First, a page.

Watch: What we saw the day the Capitol was attacked | ‘America, Interrupted’ Podcast

On Jan. 6, for the first time in more than two centuries, Congress was attacked and overrun, this time by its own citizens. The PBS NewsHour’s anchor and managing editor Judy Woodruff talks to correspondents Lisa Desjardins, Amna Nawaz and Yamiche Alcindor about what they saw as they reported from inside the Capitol, the grounds that surround it and the White House, respectively– and what they and other Americans will remember from that day.

We didn’t do it, Antifa did it, but if we did do it, it was the right thing to do

Why Donald Trump never laughs, according to his niece

Donald Trump’s niece says she has never seen her uncle laugh and thinks there’s a good reason why. Mary Trump, who recently published a critical book about the US president, offers her insights as a licensed psychologist.

Mary, 55, is the daughter of Fred Trump Jr, the president’s older brother, who died in 1981 at the age of 42. She says that Trump’s father, Fred Trump, never laughed either, a man she holds responsible for a lot of her uncle’s bullish behaviour.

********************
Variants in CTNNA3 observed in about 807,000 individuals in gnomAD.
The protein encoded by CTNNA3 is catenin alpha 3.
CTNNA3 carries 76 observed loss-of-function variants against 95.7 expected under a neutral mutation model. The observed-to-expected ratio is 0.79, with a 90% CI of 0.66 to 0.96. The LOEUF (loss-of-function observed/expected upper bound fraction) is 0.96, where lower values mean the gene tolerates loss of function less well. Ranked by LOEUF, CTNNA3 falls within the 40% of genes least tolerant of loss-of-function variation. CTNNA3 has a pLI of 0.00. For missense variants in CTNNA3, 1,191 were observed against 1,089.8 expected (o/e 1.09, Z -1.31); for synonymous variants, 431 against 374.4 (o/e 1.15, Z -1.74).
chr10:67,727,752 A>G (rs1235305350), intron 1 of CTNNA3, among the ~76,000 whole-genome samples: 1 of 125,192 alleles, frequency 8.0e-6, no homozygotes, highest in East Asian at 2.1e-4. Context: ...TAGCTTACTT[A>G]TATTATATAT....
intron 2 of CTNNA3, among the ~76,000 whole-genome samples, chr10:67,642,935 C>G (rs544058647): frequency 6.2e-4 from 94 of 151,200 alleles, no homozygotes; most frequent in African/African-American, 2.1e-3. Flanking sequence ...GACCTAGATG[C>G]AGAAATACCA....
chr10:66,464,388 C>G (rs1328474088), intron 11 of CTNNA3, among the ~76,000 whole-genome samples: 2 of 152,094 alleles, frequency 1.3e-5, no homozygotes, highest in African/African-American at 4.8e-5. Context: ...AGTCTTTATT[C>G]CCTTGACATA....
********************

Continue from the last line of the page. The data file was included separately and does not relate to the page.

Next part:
When you are able to laugh you’re also letting your guard down and that was frowned upon,” she told The Guardian. “My dad had a great sense of humour; he was a very funny guy and did know how to laugh. I think with my grandfather it was also because he was not a fully human being.”

In her tell-all book, Too Much and Never Enough: How My Family Created the World’s Most Dangerous ManTrump brands her uncle a lecherous, narcissistic bully. The book was released on 14 July, despite Trump’s legal attempts to block it. She has not spoken to her uncle since April 2017 at her aunt’s birthday party and has no intention of doing so again.

The Queen shows Donald and Melania Trump items from the Royal Collection at Buckingham Palace
by Harper’s BAZAAR UK

She firmly believes her uncle is racist. “I don’t think he has any political ideology. For him, this is just expedient,” she says. “I would say he behaves like a white supremacist, certainly. He’s acting on his own racism. He’s doing racist things that are endangering people of colour in this country. That’s much more important, so whether he would describe himself as a white supremacist or not, he’s certainly acting like one.”

Mary used to feel compassion and sympathy towards Trump, who, she says, was emotionally neglected as a child by his father, but ultimately his upbringing isn’t a justification for his current behaviour.

“He’s an adult human being who knows the difference between right and wrong, even though he doesn’t think the rules apply to him,” she says. “He knows what he’s doing and one of the reasons we’re in this position is because he’s never been held accountable for anything. So his transgressions become more egregious over time and he needs to be held to account.”